Citigroup Dunne-in. Loses Important Arbitration. Denied Solicitation Ban
1 ReplyJump to last post
Citigroup is Dunne-in By FINRA Arbitration Loss
As a result of the termination of employment of several employees and their subsequent employment with Convergent Wealth Advisors, LLC, former employer Citigroup Global Markets, Inc. d/b/a Smith Barney (CGMI) filed a FINRA Arbitration Statement of Claim on September 4, 2008, which asserted claims against a number of Respondents forBreach of Contract Conversion/Fraud; Breach of Fiduciary Duty; Misappropriation of Trade Secrets; Intentional Interference with Business Relationships; Unfair Competition; Civil Conspiracy; and Raiding.
Claimant CGMI requested an Order from the FINRA Arbitration Panel:Enjoining Respondents, for a period of one year following their termination, from soliciting Claimant’s customers or initiating contact with Claimant’s customers for the purpose of getting the customer to transfer their account, to open a new account with CWA, or otherwise to discontinue their relationship with Claimant; Requiring Respondents to return all of Claimant’s records; Requiring Respondents to remove all of Claimant’s proprietary and confidential information from their computers; Precluding Respondetns from soliciting any of Claimant’s employees or customers; Permitting Claimant to inspect Respondents’ computers to ensure no proprietary and/or confidential information remains on Respondents’ computers.
Further, Claimant sought compensatory damages, attorneys’ fees, costs, and a referral of the Respondents by the FINRA Arbitration Panel to FINRA for disciplinary actions, and any other relief that the Panel deemed appropriate.
In the Matter of the Arbitration Between Citigroup Global Markets, Inc. d/b/a Smith Barney, Claimant, versus Peter F. Dunne, George A. Dunn, Lori Van Dusen, David Mattia, Bruce Wall, Winship Rose, Richard Vankuren, Jeffrey Wagner, Thomas Hawks, Jeffrey Santos, James Henson, Douglas Smith, and Convergent Wealth Advisors, LLC, Respondents (FINRA Arbitration 08-03123, April 30, 2010).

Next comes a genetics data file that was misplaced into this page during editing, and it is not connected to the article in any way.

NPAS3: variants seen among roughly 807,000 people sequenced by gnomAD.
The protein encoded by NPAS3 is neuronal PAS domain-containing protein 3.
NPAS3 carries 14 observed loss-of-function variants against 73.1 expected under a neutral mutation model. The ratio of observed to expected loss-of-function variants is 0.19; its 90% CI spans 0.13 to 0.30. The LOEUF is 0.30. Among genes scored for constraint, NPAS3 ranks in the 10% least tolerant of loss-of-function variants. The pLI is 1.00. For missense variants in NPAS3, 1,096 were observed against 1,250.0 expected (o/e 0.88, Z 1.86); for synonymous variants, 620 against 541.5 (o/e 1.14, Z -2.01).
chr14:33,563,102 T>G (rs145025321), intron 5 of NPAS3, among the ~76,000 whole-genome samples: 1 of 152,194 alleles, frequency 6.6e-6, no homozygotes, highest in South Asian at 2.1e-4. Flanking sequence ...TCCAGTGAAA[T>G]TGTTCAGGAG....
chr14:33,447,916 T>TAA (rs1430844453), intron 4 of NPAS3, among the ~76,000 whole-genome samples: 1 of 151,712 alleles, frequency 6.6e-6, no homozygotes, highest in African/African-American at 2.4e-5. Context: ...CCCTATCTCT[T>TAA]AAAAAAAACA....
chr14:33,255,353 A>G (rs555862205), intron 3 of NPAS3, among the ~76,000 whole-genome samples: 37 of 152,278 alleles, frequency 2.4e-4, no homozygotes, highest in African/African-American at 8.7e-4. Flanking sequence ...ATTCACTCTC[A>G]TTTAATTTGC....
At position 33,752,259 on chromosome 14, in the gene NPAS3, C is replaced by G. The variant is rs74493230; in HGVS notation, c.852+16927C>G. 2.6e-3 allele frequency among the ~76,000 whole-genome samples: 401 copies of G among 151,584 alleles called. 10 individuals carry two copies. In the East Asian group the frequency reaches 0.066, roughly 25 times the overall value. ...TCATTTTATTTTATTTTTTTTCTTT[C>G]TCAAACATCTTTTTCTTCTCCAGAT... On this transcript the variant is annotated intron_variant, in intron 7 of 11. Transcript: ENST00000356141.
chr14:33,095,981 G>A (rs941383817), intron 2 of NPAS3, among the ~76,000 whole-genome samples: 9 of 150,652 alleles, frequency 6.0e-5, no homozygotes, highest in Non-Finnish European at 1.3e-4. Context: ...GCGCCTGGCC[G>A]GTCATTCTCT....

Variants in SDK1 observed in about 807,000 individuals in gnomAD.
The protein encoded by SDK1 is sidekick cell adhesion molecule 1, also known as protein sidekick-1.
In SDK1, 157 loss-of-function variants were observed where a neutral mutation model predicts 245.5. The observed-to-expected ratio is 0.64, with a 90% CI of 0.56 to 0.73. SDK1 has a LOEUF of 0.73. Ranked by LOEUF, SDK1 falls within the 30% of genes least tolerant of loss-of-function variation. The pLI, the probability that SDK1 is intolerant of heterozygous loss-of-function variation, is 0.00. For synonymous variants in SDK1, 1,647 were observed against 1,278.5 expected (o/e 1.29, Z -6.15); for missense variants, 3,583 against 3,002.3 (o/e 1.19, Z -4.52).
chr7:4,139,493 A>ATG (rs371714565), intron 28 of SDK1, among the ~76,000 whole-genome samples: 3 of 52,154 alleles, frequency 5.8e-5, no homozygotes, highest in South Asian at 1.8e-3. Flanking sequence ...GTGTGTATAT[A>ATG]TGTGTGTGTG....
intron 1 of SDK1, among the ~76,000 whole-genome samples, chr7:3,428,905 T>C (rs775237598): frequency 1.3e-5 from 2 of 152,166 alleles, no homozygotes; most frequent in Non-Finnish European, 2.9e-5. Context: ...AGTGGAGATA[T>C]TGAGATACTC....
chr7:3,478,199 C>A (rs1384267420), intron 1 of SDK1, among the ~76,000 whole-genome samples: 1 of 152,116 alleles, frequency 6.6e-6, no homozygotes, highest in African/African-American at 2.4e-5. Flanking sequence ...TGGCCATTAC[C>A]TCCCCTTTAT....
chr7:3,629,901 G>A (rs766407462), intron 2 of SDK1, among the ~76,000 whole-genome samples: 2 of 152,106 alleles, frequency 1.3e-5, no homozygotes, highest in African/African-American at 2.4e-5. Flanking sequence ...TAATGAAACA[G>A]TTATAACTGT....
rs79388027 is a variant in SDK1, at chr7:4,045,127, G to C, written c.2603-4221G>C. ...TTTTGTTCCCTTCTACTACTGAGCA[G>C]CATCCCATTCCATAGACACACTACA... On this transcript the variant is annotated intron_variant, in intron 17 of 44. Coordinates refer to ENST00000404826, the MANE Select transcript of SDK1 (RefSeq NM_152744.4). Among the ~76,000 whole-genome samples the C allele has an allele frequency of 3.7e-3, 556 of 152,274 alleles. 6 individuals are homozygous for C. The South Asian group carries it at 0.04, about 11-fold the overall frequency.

The Respondents Weigh In
Respondents generally denied the allegations and asserted various affirmative defenses.
Respondents Dunne, Dunn, Wall, Ross, Santos, and Smith filed a Counterclaim asserting:Tortious Interference with Economic Relations; Unfair Competition; Failure to Comply with the Protocol for Broker Recruiting; and Failure to Comply with FINRA’s Rules
Respondents Dusen, Mattia, Vankuren, Wagner and Hawks filed a Counterclaim asserting:Tortious Interference with Economic Relations; Unfair Competition; Defamation; Injurious Falsehood; Failure to Comply with the Protocol for Broker Recruiting; and Failure to Comply with FINRA’s Rules
Respondents sought attorneys’ fees, costs, and other equitable relief. Moreover, in furtherance of their Counterclaims, Respondents soughtComplete account information for all of Respondents/ current clients who were formerly clients of Claimant; Compensatory damages; Punitive damages; Attorneys' fees; Costs; a referral of the Claimant by the FINRA Arbitration Panel to FINRA for disciplinary actions
Claimant CGMI generally denied the Counterclaims’ allegations and asserted various affirmative defenses.
Respondent CWA is not a FINRA member and did not voluntarily submit to arbitration; and, as a consequence, the Panel made no determination with respect to claims against CWA.
In June 2009, Claimant filed a Notice of Dismissal of Respondent James Henson.
In September 2009, the FINRA Arbitration Panel granted Claimant’s Motion for Additional Time to submit discovery materials subject to a $10,000 sanction payable to Respondents for Claimant’s discovery failure. Throughout this proceeding, the Panel dismissed five of Respondents’ Motions to Dismiss based upon allegations that Claimant had intentionally and materially failed to comply with the Panel’s discovery order.
The FINRA Panel dismissed all claims and requests with prejudice.
Bill Singer's Comment: Thirteen, count 'em, 13 Respondents! And what does Claimant CGMI have to show for all its hardball? Well, some 20 months after Claimant CGMI filed its Statement of Claim, the FINRA Panel essentially gave the firm a cockeyed look as if to say "What the hell are you talking about?" Although all claims of all parties were dismissed, this was clearly a big black eye of a loss of Citigroup/Smith Barney.
As I have often said about these "send 'em a message" cases, very often the message gets lost in the mail. Large firms such as Citigroup can afford the financial costs of playing hardball with these types of employee disputes. The theory is that the employer needs to demand its terms for settlement or go to the mat at a hearing. Assuming you buy the logic, the benefit of such a strategy is that the word gets out that you either pony up the settlement bucks or you could get crushed at a hearing (both in terms of compensatory damages, interest, their attorneys' fee, and all the other greater and lesser pains of such stress).
As a strategy -- as a theory -- that's great. The only problem is that a firm such as CGMI has this one major Achille's Heel: It can't afford to lose a single arbitration. When CGMI loses a case, such as this one, it becomes part of the lore of Wall Street. Which means that brokers gather round the water coolers, at the bar on Friday afternoon, and on the online forums and talk about how so-and-so spit in CGMI's face and got away with it -- and if I ever decide to leave, I'm not taking any crap from them either!
VISIT WALL STREET'S LEADING ONLINE COMMUNITY: